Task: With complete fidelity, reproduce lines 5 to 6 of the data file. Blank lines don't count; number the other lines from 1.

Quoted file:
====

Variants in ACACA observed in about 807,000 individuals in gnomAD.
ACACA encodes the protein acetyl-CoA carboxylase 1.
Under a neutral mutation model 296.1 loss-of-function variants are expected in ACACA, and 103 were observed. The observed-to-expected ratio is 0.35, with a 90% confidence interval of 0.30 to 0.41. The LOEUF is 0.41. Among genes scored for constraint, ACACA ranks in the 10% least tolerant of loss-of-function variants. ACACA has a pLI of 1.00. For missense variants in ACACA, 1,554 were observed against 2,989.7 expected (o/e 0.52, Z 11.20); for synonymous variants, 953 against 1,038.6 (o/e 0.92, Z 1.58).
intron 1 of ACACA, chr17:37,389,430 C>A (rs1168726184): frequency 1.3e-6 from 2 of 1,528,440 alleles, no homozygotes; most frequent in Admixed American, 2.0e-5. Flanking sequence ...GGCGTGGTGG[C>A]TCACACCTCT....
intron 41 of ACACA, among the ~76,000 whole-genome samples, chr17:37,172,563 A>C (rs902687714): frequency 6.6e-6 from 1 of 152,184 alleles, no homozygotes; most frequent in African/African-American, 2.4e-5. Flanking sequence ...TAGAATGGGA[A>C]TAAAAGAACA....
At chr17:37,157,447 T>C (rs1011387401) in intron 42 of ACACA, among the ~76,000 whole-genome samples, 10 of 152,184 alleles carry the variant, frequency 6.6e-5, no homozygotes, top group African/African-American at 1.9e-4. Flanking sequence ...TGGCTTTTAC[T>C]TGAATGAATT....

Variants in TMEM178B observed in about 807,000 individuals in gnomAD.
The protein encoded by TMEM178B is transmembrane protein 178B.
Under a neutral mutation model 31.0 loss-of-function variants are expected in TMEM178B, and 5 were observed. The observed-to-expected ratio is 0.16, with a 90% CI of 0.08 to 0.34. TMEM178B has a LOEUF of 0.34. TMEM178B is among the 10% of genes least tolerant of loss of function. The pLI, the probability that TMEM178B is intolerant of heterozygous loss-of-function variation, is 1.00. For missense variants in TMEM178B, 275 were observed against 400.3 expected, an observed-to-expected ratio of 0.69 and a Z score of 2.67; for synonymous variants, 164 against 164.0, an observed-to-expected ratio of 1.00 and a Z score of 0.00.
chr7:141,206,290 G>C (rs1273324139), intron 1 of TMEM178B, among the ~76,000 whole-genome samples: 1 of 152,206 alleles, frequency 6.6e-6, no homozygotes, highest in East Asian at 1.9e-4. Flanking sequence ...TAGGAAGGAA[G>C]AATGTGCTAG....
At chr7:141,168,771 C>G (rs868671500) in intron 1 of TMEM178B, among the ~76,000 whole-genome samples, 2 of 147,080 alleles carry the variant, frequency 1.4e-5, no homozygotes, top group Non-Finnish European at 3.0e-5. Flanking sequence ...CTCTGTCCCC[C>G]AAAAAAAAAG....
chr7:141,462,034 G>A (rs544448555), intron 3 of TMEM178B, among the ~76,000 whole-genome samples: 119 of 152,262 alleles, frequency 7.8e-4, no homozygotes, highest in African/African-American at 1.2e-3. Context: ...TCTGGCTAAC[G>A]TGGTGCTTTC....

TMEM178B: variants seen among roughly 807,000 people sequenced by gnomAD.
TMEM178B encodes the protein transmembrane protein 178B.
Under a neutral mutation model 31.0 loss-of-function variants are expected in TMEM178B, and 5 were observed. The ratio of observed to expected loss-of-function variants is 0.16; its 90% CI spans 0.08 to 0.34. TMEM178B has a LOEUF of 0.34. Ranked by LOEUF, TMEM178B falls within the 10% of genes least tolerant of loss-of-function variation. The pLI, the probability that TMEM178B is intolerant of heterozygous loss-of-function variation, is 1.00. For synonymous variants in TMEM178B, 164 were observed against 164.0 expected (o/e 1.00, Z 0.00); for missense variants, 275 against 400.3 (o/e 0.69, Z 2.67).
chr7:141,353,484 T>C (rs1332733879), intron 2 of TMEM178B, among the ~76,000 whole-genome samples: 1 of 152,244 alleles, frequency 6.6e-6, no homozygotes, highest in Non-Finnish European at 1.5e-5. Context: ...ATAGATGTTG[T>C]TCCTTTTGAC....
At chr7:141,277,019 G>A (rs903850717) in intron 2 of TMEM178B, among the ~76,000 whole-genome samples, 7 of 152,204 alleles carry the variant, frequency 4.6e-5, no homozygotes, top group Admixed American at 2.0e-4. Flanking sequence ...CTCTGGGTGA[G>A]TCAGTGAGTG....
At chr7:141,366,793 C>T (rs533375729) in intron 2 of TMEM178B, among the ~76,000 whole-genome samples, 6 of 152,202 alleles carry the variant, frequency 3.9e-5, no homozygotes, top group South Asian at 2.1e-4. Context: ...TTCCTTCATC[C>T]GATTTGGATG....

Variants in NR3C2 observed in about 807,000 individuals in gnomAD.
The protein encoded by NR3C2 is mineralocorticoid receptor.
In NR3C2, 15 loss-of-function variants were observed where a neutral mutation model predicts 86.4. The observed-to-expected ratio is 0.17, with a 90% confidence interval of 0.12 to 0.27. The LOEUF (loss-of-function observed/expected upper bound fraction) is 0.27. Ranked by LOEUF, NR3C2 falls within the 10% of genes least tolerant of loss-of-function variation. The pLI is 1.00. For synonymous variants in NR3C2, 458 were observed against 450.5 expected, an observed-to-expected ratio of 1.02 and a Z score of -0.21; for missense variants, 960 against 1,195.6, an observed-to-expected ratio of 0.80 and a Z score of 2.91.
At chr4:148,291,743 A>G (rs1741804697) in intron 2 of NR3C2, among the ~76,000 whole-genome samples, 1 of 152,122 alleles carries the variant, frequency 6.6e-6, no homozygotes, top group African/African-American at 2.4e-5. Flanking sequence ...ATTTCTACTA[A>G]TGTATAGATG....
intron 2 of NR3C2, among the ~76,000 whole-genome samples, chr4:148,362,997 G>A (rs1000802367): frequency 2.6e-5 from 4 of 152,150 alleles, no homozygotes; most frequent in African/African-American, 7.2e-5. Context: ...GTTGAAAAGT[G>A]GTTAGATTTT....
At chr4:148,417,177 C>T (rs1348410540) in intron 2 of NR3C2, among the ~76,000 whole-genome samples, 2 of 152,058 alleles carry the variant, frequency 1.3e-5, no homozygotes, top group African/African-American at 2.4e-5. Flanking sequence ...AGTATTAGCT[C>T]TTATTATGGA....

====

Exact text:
intron 41 of ACACA, among the ~76,000 whole-genome samples, chr17:37,172,563 A>C (rs902687714): frequency 6.6e-6 from 1 of 152,184 alleles, no homozygotes; most frequent in African/African-American, 2.4e-5. Flanking sequence ...TAGAATGGGA[A>C]TAAAAGAACA....
At chr17:37,157,447 T>C (rs1011387401) in intron 42 of ACACA, among the ~76,000 whole-genome samples, 10 of 152,184 alleles carry the variant, frequency 6.6e-5, no homozygotes, top group African/African-American at 1.9e-4. Flanking sequence ...TGGCTTTTAC[T>C]TGAATGAATT....